Eliza Bates

Eliza Bates (Democracy and Workers' Rights Center - DWRC): Eliza graduated with honors and a BA in globalization and social movements from UC Berkeley. Eliza is committed to the right to free association and she worked on student-labor solidarity and anti-sweatshop campaigns while at university. Following graduation, Eliza worked in the labor movement in the United States for over five years as a researcher, organizer and lead union contract negotiator. Her interest in social justice and globalization inspired her to conduct an independent field research project in Mexico on the impacts of NAFTA on rural workers. She participated in several labor delegations to Latin America. At the time of her fellowship, Eliza was studying for a Master’s degree in international affairs with a concentration in human rights concentration at the Columbia University School of International and Public Affairs.



La boca del lobo

09 Jul

While listening to my roommate and his equally hormonal barely post-pubescent friends joke about each others’ mothers and rave about their sexual prowess, I turned and rolled my eyes to our upstairs neighbor, the oldest male in the room.

“Te has has caído en la boca del lobo,” he laughed.

You have fallen into the mouth of the wolf, caught in the teeth of the enemy.

Meaning that I was catching a glimpse of the secret heart of boy sentiments—the world from the perspective of girl-crazy budding masculinity, a view rarely seen or comprehended by outsiders.

This made me think about seeing through different lenses.

My American goggles color everything around me and sometimes it’s difficult to imagine another tint to my surroundings.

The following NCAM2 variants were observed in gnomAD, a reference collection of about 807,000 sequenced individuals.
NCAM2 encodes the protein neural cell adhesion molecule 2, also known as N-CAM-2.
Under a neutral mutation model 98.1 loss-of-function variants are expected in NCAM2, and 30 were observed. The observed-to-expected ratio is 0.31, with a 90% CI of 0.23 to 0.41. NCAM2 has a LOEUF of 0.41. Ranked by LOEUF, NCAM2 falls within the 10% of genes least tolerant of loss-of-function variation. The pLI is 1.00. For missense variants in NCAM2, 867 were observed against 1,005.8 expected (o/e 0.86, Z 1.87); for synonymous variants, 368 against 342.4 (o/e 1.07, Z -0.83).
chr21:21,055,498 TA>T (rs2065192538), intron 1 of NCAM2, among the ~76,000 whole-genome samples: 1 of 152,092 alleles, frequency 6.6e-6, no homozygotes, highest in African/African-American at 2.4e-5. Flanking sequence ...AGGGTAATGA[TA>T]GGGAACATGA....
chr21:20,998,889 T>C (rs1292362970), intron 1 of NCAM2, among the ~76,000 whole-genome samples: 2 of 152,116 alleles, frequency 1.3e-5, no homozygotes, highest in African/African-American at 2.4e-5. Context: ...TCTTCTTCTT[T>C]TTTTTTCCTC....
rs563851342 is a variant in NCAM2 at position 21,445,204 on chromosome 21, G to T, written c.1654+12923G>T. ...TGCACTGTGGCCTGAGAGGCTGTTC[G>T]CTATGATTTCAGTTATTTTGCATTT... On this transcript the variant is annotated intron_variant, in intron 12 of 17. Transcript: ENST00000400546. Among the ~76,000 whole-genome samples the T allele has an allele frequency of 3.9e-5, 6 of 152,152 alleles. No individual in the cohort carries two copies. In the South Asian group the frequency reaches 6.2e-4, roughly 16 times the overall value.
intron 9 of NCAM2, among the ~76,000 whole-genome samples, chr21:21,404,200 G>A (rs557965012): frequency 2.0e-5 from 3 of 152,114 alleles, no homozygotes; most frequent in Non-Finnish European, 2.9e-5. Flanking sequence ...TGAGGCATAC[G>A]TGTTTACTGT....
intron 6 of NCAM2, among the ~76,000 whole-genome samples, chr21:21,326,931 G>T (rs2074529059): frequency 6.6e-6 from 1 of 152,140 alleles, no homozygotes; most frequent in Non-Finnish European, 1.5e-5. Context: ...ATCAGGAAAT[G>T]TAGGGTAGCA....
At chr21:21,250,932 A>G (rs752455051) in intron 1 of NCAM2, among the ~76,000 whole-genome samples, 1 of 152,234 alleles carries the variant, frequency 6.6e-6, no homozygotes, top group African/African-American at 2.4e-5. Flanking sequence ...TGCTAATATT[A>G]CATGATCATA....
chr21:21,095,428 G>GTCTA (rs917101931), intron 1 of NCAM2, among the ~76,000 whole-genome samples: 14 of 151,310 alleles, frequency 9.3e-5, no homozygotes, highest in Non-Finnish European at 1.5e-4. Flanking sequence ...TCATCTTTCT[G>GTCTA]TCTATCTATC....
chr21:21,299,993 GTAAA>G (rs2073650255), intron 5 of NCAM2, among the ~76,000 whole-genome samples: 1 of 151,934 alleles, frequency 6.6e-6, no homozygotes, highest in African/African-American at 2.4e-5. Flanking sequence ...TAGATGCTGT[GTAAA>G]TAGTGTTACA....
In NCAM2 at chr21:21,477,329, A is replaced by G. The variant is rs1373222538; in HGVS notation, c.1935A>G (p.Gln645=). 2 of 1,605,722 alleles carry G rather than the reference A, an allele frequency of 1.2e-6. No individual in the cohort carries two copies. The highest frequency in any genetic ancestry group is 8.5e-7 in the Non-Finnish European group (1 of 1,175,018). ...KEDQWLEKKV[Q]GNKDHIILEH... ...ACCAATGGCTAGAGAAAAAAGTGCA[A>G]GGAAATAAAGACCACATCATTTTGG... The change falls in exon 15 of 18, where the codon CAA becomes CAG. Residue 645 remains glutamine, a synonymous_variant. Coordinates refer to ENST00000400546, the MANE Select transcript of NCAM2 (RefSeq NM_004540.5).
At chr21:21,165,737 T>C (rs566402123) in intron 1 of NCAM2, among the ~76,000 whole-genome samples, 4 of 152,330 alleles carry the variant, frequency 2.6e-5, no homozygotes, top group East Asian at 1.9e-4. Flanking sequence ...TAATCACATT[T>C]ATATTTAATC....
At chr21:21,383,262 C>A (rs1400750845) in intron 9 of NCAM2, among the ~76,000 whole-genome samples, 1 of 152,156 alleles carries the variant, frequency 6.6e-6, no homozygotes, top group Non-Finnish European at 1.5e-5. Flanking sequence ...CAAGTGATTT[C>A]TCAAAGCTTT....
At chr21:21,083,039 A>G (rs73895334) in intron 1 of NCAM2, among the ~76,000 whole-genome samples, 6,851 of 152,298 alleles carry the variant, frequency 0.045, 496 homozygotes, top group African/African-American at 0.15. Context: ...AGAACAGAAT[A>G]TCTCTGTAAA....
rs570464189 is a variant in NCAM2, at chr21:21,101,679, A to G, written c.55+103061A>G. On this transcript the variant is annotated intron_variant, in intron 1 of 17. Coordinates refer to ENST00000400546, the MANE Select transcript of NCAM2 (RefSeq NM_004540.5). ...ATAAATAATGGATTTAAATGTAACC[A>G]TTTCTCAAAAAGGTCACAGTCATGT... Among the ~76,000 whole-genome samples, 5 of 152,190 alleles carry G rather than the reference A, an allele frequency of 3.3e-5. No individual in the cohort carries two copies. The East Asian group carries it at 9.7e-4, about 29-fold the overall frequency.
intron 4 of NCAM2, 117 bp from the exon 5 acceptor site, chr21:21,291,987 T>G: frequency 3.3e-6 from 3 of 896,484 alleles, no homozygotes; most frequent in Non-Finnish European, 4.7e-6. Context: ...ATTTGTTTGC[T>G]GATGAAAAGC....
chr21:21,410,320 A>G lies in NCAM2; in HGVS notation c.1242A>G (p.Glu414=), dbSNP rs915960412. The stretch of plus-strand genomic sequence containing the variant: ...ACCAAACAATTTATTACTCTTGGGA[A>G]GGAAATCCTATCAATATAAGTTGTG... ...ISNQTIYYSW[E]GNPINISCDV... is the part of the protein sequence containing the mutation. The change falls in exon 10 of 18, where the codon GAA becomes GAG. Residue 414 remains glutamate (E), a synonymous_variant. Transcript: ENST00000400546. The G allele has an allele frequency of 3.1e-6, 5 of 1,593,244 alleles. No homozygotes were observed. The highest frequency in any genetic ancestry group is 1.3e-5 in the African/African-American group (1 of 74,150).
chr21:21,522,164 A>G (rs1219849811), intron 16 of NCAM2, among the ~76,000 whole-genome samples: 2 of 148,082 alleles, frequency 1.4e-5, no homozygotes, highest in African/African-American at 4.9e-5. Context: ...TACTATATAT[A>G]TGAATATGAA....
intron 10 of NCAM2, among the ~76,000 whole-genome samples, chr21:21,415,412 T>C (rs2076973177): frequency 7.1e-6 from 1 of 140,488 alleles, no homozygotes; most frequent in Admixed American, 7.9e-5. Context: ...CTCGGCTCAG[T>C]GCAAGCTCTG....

When Europeans ask me why Americans have such bad politics, I usually remind them that despite their cultured manners, we still produce better music and movies. And if they push me too far, I might even blurt that their entire continent is little more than an American colony these days.

This might seem a little harsh and, well, American. Perhaps my frustration stems from traveling outside the U.S. and being told countless times how Europeans and Canadians are much better sweeter more intelligent and compassionate humans. But please, those people have it easy–free healthcare and education and they actually get to see images of war on TV.

I am always impressed by Americans that speak out against our war-mongering foreign policy. It’s simple enough for the rest of the world to say: “Oh look, those stupid American imperialists are at it again.” But for someone from inside ‘ el Corazon del grande Babylon,’ in the words of Manu Chao, it takes a strong commitment to independent and critical thinking.

Likewise, it takes incredible chutzpah for Israelis to challenge the actions of their government. Those in the heart of the Israel have the capacity to impact the policies of occupation and the Zionist agenda in ways that no one else can. All it takes is one glimpse through the lense of the Palestinian people for the Zionist dream to turn into a nightmare.

Here’s a small sample of Israeli peace organizations working for justice in cooperation with Palestinians:

Kov LaOved
B’Tselem
Israeli Committee Against House Demolitions
Mishtara

And, of course, nothing makes me happier than seeing people challenge authority with humor. This article appeared in the Israeli online magazine Ynet: “Israel Discovers Compassion.”

In case you thought that the IDF was lacking a sense of humor, read this BBC article about their heroic rescue of golden eagles from the oppression of Palestinian cages in Hebron.

It’s unfortunate that the freedom of birds is more important that that of the Palestinian people, but so it appears from inside la boca del lobo.

Posted By Eliza Bates

Posted Jul 9th, 2007

5 Comments

  • Carl

    July 11, 2007

     

    You’ve read the Ynet article… we too… but have you read the Talkbacks? The voice of the people speaks. Sigh

  • eliza

    July 11, 2007

     

    Thank you for pointing that out Carl, but, as we all know, receiving obnoxious comments does not in any way diminish the truth the writer tells. In fact, it may be a sign that the writer is hitting on a nerve that few dare to touch. Bravo.

  • Carl

    July 12, 2007

     

    I guess it is a question of perspective. I did not find most of the Talkback comments for the Ynet article obnoxious; I thought they were insightful. There were a lot of them. It sounds like your nerve has been touched. These are complicated issues.

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